Alto saxophonist Jim Snidero is a jazz musician who can perhaps assert that he's "been there, done that." A clinician, author, first-call session ace and solo artist, his craft is synonymous with general excellence within the modern jazz realm. Featuring a resonating and blustery tone, dappled with the occasional edge, Snidero transmits an authoritative presence on Crossfire.
With a top-notch band providing sympathetic support, Snidero effortlessly whirls through snappy bop grooves, abetted by sharpshooter guitarist Paul Bollenback's dark-toned phrasings and chord-based comping. The quartet communicates agility, and an affable comingling of finesse and power. And it's a buoyant engagement, fashioned upon the rhythm section's crisp underpinnings throughout various pulses.
Snidero's whispery ballad, "Tranquility," is revved up by a bump and groove vibe, as the band comes back in full stride during the torrid bop of "Vortex," which is accelerated by the saxophonist's popping notes and silky smooth overtones. Bollenbeck pulls out the proverbial stops via his articulate and rapidly flowing solo.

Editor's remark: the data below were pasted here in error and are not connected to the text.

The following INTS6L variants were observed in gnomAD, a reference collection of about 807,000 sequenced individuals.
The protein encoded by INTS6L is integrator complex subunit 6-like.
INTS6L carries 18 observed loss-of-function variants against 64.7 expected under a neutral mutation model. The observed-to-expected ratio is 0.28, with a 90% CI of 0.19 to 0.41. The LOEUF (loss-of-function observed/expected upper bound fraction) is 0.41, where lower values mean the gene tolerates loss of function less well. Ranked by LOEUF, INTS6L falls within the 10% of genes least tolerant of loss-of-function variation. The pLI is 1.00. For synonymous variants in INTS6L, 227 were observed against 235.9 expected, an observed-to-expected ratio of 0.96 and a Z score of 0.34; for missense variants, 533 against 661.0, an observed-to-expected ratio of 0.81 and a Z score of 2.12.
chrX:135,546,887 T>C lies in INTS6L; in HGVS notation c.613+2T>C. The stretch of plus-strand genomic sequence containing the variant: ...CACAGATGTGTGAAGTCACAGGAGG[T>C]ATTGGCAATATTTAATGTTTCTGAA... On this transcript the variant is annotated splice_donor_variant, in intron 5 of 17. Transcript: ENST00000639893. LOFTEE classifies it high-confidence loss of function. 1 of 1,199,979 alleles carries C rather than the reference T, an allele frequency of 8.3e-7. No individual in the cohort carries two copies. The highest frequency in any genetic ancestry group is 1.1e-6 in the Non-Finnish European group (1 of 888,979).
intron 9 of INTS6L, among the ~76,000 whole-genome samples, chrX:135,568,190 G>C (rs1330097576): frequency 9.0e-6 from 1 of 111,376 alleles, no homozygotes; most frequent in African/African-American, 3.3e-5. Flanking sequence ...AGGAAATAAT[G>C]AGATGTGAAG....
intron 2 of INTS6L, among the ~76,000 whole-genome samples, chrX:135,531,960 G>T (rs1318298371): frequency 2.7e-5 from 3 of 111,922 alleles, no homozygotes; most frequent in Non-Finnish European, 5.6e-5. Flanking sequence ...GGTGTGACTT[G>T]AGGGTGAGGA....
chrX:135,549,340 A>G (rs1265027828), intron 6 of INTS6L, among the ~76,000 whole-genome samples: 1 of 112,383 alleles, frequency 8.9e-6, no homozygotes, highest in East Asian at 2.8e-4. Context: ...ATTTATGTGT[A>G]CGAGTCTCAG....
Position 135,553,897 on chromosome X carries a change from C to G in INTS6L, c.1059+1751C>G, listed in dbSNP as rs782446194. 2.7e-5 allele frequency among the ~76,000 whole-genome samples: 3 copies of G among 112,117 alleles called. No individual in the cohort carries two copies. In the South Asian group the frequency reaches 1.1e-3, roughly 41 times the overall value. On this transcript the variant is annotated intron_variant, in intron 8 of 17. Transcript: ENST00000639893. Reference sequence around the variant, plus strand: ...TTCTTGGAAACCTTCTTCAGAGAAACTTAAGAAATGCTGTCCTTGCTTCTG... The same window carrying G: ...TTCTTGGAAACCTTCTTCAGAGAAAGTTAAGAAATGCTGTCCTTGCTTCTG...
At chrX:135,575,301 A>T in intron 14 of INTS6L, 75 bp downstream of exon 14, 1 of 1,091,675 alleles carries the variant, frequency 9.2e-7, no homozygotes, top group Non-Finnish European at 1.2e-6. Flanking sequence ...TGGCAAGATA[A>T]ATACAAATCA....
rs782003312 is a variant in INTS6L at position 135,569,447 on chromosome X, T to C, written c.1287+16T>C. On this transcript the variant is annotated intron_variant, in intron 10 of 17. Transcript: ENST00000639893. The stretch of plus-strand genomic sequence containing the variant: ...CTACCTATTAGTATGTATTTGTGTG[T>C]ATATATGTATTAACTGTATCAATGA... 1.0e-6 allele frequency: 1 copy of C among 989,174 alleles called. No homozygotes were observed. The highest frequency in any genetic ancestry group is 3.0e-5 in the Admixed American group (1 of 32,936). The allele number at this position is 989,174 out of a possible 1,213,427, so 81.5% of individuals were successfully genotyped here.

The leader's diverse game-plan continues with a warm and intimate bossa on "One For You," which is designed upon fluent movements and windblown themes. Crossfire seems to be an appropriate title for a program that is largely about brisk exchanges and impassioned group-centric interplay. Snidero's artistry bears a mark of distinction.
Track Listing: Crossfire; Tranquility; Vortex; Lost; Time After Time; Big "T"; One For You; Somewhere In The Night; One Finger Snap.
Personnel: Jim Snidero: alto saxophone; Paul Bollenback: guitar; Paul Gill: bass; Billy Drummond: drums.
I love jazz because next to my kids, it's the love of my life.
I was first exposed to jazz by Joe Rico from a tiny station in Niagara Falls in 1954 when I was 13.
The best show I ever attended was Maynard Ferguson who blew the roof off Massey Hall in the late 50s.
My advice to new listeners is to listen to everything you can and then listen again.